U.S. Secretary of Education John B. King Jr. urged advocates of public education to put aside their differences and work together to continue to build on improved student outcomes.
“For all who believe that strong, equitable public education is central to a healthy democracy and a thriving economy, now is the moment for us to set aside the policy differences that we have let divide us, and move forward together courageously to defend and extend this fundamental American institution,” King said.
King’s year-long tenure has been marked by big fights between different groups, all of whom consider themselves advocates of public education. Civil rights organizations and teachers’ unions, for instance, have tussled over everything from testing to a wonky set of spending rules for the Every Student Succeeds Act.
But those groups are likely to come together to help fight a possible push for school vouchers from the Trump administration. Betsy DeVos, the President-elect’s pick for education secretary, has been a long-time advocate for school choice, including for vouchers to private and religious schools.
King also went through some of what he sees as the Obama administration’s accomplishments on education, including greater college enrollment by minority students, and record high graduation rates. (However, experts say it’s unclear if higher graduation rates are really a sign that students are learning more, and tough to say whether Obama’s policies can be credited with improving them.)
During a question-and-answer period, King was asked whether he’s worried that President-elect Donald Trump’s administration would weaken the Education Department’s office for civil rights, which helps ensure that schools are providing an adequate and appropriate education to English-language learners and students.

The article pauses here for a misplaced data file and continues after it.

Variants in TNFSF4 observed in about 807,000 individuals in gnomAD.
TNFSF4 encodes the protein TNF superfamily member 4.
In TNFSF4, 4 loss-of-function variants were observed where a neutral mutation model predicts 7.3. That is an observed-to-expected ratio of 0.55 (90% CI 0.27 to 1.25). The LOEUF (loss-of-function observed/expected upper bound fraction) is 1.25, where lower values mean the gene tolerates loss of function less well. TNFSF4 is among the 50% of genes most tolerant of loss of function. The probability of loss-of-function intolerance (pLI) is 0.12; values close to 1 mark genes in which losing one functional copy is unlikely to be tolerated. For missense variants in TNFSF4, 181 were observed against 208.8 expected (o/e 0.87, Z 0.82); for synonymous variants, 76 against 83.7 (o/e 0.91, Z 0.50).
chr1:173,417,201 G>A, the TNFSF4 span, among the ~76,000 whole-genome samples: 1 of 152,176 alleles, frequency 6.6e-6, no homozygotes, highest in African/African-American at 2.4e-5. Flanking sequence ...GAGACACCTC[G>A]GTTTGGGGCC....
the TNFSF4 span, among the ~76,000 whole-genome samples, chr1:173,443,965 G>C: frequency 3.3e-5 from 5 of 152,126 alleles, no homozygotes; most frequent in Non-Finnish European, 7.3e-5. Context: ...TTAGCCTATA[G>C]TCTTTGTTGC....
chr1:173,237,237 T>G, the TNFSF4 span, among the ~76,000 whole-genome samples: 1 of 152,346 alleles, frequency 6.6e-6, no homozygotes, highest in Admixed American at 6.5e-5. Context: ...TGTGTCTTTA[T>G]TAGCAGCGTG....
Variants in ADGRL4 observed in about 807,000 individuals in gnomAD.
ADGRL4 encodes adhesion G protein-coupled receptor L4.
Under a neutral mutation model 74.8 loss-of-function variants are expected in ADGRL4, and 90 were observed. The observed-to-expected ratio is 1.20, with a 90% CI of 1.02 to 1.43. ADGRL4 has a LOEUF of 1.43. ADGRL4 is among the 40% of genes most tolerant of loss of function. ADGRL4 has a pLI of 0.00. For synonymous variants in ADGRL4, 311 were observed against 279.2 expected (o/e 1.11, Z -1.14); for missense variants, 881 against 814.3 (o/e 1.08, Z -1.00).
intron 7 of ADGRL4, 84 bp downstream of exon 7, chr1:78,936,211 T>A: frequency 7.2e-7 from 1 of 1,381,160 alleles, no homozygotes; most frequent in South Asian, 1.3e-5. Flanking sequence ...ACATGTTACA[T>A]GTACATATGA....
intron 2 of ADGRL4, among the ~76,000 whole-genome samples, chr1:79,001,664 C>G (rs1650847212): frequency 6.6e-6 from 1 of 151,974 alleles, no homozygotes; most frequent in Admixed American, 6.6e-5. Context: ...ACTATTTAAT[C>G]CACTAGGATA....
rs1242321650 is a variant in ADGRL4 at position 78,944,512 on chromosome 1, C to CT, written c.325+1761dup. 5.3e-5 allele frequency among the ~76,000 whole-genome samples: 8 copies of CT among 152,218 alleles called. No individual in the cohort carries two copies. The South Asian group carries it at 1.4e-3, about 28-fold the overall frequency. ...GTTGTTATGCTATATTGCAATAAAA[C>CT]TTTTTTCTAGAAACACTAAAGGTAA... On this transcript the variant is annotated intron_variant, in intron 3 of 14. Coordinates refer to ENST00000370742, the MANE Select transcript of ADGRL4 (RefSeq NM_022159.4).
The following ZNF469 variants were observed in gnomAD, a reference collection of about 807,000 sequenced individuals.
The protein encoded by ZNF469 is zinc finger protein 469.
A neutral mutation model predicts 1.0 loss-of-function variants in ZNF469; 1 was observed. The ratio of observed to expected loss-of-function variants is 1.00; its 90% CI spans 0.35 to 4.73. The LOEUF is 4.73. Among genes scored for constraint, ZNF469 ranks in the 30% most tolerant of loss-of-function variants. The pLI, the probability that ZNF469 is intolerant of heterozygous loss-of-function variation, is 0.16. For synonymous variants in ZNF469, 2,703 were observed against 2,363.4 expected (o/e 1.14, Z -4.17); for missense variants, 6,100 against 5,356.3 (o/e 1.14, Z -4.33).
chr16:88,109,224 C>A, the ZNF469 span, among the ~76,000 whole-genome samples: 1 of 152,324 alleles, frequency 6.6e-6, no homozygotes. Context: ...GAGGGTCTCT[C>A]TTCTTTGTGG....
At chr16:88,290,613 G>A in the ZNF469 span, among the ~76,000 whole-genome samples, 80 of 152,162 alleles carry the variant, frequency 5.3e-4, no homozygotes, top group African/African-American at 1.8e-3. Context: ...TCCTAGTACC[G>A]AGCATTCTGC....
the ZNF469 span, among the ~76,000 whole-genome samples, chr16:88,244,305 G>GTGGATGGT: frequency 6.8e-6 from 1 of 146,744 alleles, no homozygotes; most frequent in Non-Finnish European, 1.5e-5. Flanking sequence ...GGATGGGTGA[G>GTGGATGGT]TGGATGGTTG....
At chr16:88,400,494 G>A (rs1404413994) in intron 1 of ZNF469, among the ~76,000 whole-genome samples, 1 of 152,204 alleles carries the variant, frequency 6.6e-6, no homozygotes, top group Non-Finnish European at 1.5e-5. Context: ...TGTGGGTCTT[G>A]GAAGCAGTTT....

King noted that past administrations haven’t always used the office to its fullest potential. But he said, advocates were able to put pressure on the feds to go
And he was asked about charter schools, which a Government Accountability Office study found often decline to enroll populations of students that are difficult to teach, including English-language learners and students in special education.
“Charter authorizing matters a lot,” King said. Some states he said, have “delinquent” charter authorizers. “We all need to be active in the state legislative discussion. We’ve got to lift up the examples of schools that are doing thing” and taking in different groups of students, King said.
The charter landscape in Michigan, DeVos’ home state, has been described as everything from “a thousand flowers blooming” to the “wild, wild west” in part because it has a patchwork of authorizers. More on Michigan’s charters in this great blog post from my colleague Arianna Prothero.
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